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LivingGardeningGardening in Mississippi Mills: A big week for the neighbourhood tomato!

Gardening in Mississippi Mills: A big week for the neighbourhood tomato!

Neighbourhood Tomato Work Party Wednesday April 29

The heavy lifting for the Neighbourhood Tomato will start this year on Wednesday April 29. Join us at the Augusta Street Park Community garden this coming Wednesday throughout the day. We will start at 9 and work till we are done (or until it is dark). We need people with rakes, shovels, and wheelbarrows to help get the beds ready for planting. Come one, come all – bring drinks and snacks if you can’t shovel. Come for an hour, come for the morning, or come all day. All help will be appreciated. Come for as long or as little as you can.

The Neighbourhood Tomato Community Gardens in Augusta Park and behind the Library will again be a mix of individual allotment plots and collaborative community plots (where we will be growing food primarily for our Food Bank). While we have many gardeners looking for individual allotment gardens this spring, there are still a few available and there is absolutely no charge. If you would like to have an allotment please let Jeff at Mills Community Support know that you’re interested. Jeff can be reached at . We are expecting that gardeners with individual beds will also join in and help with the collaborative community gardens.

Great Veggie Grow-Off May 1 at St.Gregory’s School at 176 Townline Road West in Carleton Place (Erroneously reported last week as being held at the Carleton Place Farmers’ Market)

This year the kick-off is May 1st at 12:30 noon in Carleton Place at the community gardens next to St. Gregory’s School at 176 Townline Road West in Carleton Place. Join us for the kick-off of the `Great Veggie Grow-Off` – a community challenge between the towns who use and support the Lanark County Food Bank. Again this year, the communities of Beckwith, Carleton Place and Mississippi Mills will square off to see which community can grow the most produce for the food bank. Last year the three communities donated 2830 lbs of healthy fresh food to the Food Bank.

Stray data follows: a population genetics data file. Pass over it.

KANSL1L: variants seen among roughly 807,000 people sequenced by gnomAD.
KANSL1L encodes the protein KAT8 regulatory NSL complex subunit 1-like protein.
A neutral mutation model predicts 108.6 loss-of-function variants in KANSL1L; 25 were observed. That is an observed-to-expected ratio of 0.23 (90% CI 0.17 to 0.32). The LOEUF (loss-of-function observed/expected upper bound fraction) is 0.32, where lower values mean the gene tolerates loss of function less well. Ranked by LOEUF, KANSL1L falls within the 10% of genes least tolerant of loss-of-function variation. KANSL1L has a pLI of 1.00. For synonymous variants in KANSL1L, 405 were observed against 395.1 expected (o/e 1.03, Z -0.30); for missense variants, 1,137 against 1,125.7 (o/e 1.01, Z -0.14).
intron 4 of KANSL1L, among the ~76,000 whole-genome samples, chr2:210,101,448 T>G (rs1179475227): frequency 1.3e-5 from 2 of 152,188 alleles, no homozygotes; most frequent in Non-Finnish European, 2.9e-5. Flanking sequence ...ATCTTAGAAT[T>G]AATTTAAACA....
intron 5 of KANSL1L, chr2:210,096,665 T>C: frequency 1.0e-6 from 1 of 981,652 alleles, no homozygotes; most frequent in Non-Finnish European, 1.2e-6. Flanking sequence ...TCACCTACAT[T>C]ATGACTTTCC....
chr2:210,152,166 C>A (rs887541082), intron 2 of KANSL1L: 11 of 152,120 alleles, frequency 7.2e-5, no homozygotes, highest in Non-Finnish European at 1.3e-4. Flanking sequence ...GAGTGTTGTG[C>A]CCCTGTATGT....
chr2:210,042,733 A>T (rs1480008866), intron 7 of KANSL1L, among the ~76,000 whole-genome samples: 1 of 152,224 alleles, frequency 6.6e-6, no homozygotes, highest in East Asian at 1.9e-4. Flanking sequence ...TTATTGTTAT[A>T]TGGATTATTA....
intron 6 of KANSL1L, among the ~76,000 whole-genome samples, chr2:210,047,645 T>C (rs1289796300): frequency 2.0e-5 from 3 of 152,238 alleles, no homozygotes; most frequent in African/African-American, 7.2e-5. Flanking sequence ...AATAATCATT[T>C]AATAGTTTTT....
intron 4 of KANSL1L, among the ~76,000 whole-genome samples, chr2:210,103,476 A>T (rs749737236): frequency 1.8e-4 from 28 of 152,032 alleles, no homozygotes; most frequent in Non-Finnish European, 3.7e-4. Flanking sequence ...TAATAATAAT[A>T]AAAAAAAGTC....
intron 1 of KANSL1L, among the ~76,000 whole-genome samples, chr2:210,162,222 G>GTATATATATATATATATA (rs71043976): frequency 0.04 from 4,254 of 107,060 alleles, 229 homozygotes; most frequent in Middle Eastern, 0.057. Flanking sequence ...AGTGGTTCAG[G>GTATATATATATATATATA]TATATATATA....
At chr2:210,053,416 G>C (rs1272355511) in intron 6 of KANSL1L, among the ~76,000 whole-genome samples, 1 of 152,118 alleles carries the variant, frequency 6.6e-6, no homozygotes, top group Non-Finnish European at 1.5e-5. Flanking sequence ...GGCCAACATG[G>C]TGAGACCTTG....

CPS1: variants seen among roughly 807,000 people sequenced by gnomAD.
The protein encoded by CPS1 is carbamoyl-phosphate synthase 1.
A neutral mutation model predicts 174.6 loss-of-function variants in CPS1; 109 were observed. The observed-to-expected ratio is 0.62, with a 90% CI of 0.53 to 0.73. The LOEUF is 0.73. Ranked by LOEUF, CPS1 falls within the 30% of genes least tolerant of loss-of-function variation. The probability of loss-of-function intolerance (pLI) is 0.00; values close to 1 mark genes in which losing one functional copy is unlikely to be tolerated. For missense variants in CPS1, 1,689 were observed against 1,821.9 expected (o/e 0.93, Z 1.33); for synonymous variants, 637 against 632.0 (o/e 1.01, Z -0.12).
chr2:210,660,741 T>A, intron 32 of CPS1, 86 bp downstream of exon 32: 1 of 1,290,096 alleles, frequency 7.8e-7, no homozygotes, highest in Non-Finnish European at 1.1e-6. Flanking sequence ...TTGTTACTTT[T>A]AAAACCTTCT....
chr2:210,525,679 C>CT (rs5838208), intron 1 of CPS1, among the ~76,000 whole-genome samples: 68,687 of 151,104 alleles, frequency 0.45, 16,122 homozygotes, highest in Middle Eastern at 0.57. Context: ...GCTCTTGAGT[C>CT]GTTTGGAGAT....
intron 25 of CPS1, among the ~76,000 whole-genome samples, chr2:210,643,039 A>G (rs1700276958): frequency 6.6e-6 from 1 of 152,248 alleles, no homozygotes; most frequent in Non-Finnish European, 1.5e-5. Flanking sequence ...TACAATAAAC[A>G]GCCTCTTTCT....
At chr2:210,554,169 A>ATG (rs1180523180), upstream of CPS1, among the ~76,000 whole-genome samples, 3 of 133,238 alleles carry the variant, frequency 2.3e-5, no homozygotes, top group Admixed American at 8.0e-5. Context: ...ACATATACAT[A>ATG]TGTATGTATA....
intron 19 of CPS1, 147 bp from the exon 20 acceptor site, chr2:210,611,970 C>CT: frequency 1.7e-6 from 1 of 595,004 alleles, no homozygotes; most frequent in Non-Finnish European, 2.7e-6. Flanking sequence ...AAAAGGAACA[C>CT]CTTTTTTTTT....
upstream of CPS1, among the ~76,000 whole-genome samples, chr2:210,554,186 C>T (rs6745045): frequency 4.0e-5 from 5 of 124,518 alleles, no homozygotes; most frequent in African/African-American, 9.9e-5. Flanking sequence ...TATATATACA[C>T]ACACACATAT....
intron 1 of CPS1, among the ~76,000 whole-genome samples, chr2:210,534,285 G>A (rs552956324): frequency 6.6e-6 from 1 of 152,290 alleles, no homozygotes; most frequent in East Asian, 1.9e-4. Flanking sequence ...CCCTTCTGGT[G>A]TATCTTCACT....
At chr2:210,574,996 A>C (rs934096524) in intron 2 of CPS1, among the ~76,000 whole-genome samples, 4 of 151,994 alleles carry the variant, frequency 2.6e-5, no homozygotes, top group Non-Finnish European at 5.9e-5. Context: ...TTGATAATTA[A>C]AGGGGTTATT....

Hike for Hunger May 2

Also happening over the next week is a special series of events to help our Food Bank, and the people that depend on it for emergency food assistance, over the summer period when people are busy and donations really drop-off. Every Plate Full will run from May 2nd to 8th, and a number of local events are planned to help rally the residents of Beckwith, Carleton Place, and Mississippi Mills to help feed our communities. The first of these events is a Hike for Hunger, Saturday May 2nd at the Goodwood Marsh Nature Trail in Beckwith Township, behind the soccer arena and sports field at 1319 9th Line, just south of Carleton Place. Participants will be able to register and solicit sponsorships.

Join us for registration between 1:00 and 2:00 before embarking on your jaunt, and then stay for a BBQ afterwards with all proceeds going to our local Food Bank.

Outdoor planting in full swing

On a sunny day last week I prepared three raised bed for planting some early vegetables. My goal was to create raised beds about a metre wide and three or so meters in length. Before you start make sure that the soil is dry enough to be workable – take a handful and squeeze – if it stays together in a ball it is still too wet, if it crumbles it is ready.

The first step was to dig over the area and get rid of any weeds. Then I dug out the pathways between the beds down about three or four inches, tossing that soil onto the beds on either side of the path. I then added some compost – some of my own and a bag of composted sheep manure. I then mixed it up a bit with a spading fork and was ready to plant. I used the back side of a steel rake (I could have used a hoe instead) to dig three parallel rows about one cm deep. I then planted three rows on the first bed – one row of a mesclun mix of a variety of greens, a row of carrots and a row of spinach – then drew the soil back over the seeds and tamped it down lightly with the bottom of the rake. The second bed was planted with peas – a row of sugar snap (edible podded) peas and a row of snow peas.



Another raised bed was used to plant potatoes. I planted one bed of Yukon Gold – I was fortunate to find my seed potatoes at the Five-Span Feed Store in Pakenham. I prefer to plant potatoes about the size of an egg if I can. I plant two rows on my metre-wide raised beds.


I plant my potatoes rather deep (ten cm or more) for a couple of reasons. Firstly if they come up too soon the tops can freeze – this will not kill them but it does slow them down. Secondly and more importantly is that the new potatoes will grow on the plane above the seed potato or along what will be the main stem of the growing plant. This tends to push the potatoes into daylight where they will turn green and be mildly poisonous if they are not planted deeply enough.

This is the reason that gardeners ‘hill-up’ their potatoes. This is just simply drawing up the soil on both sides of the row of potatoes. I prefer to use a mulch of about ten cm of straw on the potato beds which helps keep them from being exposed to the sun and is easier than a lot of hilling-up with a hoe. This makes potatoes adaptable to other methods of growing. For example some people are trying to plant potatoes in the bottom of a barrel or other container and then keep adding soil as the potato vines grow, always leaving about 20 cm of vine exposed. In theory the container will be full of potatoes at the end of the season.





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